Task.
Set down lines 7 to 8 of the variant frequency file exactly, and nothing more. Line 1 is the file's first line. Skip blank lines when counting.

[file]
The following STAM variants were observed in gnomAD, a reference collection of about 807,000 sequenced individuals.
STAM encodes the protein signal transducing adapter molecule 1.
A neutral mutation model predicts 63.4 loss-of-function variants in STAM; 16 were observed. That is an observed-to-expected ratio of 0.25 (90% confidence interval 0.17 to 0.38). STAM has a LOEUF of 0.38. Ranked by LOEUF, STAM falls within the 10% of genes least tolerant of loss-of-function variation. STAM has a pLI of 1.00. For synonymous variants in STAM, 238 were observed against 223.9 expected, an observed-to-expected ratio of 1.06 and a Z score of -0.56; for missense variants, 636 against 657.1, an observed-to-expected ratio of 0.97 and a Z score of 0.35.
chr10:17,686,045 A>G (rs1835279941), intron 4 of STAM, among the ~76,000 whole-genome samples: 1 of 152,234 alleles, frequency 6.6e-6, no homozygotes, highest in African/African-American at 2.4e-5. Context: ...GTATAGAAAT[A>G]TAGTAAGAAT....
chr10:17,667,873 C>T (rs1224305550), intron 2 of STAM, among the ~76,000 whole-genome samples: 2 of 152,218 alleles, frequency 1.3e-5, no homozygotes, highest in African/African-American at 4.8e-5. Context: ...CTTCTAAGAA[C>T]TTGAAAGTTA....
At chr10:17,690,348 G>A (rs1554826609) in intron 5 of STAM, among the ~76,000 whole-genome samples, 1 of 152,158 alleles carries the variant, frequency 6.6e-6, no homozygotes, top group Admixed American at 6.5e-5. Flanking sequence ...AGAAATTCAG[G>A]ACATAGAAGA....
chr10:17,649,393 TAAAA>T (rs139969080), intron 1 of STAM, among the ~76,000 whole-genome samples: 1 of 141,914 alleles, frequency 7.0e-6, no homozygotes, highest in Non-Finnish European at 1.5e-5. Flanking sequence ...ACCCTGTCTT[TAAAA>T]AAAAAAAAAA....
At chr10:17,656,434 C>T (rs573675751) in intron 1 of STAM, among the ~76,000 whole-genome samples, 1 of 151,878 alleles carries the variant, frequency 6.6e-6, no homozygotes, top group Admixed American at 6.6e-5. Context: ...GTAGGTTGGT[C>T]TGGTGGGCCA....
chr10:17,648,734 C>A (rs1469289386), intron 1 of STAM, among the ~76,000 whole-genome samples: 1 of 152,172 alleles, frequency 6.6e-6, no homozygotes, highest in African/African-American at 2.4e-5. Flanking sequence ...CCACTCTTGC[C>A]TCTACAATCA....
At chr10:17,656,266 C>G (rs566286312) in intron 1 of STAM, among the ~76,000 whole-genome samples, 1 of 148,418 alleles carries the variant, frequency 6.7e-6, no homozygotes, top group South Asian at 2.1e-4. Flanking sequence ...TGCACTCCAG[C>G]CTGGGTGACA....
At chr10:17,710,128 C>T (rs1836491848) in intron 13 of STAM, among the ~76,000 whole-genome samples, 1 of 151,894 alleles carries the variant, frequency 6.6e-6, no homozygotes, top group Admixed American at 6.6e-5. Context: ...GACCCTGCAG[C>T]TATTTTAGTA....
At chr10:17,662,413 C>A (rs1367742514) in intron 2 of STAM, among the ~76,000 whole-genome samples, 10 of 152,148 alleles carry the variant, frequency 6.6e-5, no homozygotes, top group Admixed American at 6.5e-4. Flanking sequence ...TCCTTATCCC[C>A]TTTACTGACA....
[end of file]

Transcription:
chr10:17,649,393 TAAAA>T (rs139969080), intron 1 of STAM, among the ~76,000 whole-genome samples: 1 of 141,914 alleles, frequency 7.0e-6, no homozygotes, highest in Non-Finnish European at 1.5e-5. Flanking sequence ...ACCCTGTCTT[TAAAA>T]AAAAAAAAAA....
At chr10:17,656,434 C>T (rs573675751) in intron 1 of STAM, among the ~76,000 whole-genome samples, 1 of 151,878 alleles carries the variant, frequency 6.6e-6, no homozygotes, top group Admixed American at 6.6e-5. Context: ...GTAGGTTGGT[C>T]TGGTGGGCCA....